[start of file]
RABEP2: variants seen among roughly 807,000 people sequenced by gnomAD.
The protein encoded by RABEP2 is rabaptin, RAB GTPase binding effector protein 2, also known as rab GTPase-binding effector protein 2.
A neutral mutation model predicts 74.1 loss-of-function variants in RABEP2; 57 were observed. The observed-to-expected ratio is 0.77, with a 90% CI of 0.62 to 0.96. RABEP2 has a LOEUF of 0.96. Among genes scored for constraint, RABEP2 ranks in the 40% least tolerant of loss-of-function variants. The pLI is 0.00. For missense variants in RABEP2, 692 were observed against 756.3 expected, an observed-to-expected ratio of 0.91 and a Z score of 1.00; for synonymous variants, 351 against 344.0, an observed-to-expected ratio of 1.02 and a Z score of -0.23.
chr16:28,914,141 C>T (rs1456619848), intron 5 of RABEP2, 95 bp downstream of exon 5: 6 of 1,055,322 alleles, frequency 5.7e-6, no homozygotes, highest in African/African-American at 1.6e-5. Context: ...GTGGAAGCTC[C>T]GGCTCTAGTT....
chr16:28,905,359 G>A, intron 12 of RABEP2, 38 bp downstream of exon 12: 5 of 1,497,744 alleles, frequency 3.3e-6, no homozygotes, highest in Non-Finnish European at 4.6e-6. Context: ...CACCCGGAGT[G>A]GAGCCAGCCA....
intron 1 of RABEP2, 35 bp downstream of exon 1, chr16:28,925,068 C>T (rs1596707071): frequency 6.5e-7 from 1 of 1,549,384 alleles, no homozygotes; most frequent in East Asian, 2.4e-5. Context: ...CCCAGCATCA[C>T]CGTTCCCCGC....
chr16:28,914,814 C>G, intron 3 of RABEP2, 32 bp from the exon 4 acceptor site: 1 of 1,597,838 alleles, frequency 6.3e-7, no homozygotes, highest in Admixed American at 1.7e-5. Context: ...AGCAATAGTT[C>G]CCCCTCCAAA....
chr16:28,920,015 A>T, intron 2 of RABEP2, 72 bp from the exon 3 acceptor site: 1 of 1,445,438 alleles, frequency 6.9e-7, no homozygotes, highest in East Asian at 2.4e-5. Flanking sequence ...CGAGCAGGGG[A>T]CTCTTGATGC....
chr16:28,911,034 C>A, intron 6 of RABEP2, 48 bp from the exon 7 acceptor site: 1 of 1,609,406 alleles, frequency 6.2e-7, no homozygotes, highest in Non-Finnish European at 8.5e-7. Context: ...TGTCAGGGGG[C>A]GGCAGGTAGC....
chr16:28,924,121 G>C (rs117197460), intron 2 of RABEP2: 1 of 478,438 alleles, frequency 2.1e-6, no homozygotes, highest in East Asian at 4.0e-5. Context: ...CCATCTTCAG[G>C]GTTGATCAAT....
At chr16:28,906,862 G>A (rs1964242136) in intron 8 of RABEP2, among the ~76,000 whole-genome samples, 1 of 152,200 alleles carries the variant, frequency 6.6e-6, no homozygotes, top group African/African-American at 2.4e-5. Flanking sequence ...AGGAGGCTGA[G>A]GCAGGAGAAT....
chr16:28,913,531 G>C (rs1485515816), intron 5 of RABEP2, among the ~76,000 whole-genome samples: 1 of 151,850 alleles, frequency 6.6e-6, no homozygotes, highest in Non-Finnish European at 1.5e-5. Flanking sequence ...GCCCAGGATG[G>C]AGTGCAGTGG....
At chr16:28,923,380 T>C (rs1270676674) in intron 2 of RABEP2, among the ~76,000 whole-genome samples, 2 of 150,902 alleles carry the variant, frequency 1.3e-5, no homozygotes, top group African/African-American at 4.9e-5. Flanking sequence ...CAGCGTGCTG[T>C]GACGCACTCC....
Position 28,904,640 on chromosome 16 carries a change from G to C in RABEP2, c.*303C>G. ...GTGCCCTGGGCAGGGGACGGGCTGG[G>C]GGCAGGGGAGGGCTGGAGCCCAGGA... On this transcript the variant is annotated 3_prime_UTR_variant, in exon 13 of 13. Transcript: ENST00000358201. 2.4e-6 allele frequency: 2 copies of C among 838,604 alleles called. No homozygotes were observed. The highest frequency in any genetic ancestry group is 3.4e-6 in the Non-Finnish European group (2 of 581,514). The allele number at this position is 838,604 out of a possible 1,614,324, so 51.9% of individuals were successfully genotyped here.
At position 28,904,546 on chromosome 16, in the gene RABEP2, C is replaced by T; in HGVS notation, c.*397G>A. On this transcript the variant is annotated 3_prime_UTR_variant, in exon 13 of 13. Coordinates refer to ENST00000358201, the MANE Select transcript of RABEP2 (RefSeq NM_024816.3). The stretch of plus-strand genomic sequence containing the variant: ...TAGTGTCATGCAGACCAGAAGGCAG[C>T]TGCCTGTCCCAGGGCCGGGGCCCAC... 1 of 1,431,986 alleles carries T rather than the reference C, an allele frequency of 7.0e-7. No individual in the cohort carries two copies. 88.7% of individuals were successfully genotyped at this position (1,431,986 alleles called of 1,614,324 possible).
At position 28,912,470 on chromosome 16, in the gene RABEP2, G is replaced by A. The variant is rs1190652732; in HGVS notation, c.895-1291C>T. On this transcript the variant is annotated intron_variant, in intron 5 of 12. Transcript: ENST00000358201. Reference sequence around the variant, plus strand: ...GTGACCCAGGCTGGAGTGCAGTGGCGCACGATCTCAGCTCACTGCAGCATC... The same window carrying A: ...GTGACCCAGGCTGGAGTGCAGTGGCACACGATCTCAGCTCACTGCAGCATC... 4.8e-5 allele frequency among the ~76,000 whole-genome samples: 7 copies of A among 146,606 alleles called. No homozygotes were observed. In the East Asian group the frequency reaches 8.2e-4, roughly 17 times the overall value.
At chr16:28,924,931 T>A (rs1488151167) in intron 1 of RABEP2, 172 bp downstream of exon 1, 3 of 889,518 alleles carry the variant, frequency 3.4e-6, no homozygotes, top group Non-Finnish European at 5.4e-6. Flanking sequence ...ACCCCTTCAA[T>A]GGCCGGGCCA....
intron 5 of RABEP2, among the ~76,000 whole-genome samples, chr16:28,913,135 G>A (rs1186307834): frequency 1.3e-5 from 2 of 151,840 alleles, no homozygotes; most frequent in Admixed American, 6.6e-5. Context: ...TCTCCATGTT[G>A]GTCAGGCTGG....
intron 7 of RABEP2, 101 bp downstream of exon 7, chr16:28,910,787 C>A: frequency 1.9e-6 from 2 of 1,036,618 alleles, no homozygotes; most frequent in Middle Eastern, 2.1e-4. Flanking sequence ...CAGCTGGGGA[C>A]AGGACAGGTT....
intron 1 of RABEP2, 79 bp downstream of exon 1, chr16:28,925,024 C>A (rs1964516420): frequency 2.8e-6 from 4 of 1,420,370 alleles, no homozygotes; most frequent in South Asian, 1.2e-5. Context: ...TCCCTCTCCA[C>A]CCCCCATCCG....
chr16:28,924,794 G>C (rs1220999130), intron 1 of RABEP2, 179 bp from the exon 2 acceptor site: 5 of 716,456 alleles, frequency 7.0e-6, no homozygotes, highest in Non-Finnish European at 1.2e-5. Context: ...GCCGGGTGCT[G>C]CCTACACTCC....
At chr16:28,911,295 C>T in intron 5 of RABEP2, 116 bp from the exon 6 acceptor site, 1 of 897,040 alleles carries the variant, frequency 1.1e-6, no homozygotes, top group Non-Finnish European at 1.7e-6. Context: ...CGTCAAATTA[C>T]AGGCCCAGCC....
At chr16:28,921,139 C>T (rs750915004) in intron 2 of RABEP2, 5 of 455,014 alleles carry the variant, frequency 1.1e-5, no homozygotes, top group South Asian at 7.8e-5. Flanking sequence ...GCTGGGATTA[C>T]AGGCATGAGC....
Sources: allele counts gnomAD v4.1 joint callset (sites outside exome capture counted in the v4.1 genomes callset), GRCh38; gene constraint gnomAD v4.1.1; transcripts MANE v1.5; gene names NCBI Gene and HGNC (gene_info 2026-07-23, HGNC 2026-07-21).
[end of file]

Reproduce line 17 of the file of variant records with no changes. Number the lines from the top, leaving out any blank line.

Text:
At chr16:28,924,931 T>A (rs1488151167) in intron 1 of RABEP2, 172 bp downstream of exon 1, 3 of 889,518 alleles carry the variant, frequency 3.4e-6, no homozygotes, top group Non-Finnish European at 5.4e-6. Flanking sequence ...ACCCCTTCAA[T>A]GGCCGGGCCA....